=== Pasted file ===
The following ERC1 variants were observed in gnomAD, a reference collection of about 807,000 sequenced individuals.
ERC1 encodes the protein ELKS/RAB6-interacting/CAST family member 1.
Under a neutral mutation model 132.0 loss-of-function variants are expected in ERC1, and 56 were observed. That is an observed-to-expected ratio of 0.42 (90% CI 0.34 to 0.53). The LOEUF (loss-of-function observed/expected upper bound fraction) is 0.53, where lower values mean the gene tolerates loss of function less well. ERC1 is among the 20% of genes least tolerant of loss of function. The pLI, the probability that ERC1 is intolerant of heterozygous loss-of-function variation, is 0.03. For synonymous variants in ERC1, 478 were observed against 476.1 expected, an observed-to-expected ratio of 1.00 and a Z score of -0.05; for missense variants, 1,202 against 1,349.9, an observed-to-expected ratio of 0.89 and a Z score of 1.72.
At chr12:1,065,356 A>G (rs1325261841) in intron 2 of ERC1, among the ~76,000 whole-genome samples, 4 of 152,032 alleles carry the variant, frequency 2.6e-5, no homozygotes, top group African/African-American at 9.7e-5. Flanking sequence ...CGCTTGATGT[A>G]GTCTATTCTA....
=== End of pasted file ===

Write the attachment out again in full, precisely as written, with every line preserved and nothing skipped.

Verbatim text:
The following ERC1 variants were observed in gnomAD, a reference collection of about 807,000 sequenced individuals.
ERC1 encodes the protein ELKS/RAB6-interacting/CAST family member 1.
Under a neutral mutation model 132.0 loss-of-function variants are expected in ERC1, and 56 were observed. That is an observed-to-expected ratio of 0.42 (90% CI 0.34 to 0.53). The LOEUF (loss-of-function observed/expected upper bound fraction) is 0.53, where lower values mean the gene tolerates loss of function less well. ERC1 is among the 20% of genes least tolerant of loss of function. The pLI, the probability that ERC1 is intolerant of heterozygous loss-of-function variation, is 0.03. For synonymous variants in ERC1, 478 were observed against 476.1 expected, an observed-to-expected ratio of 1.00 and a Z score of -0.05; for missense variants, 1,202 against 1,349.9, an observed-to-expected ratio of 0.89 and a Z score of 1.72.
At chr12:1,065,356 A>G (rs1325261841) in intron 2 of ERC1, among the ~76,000 whole-genome samples, 4 of 152,032 alleles carry the variant, frequency 2.6e-5, no homozygotes, top group African/African-American at 9.7e-5. Flanking sequence ...CGCTTGATGT[A>G]GTCTATTCTA....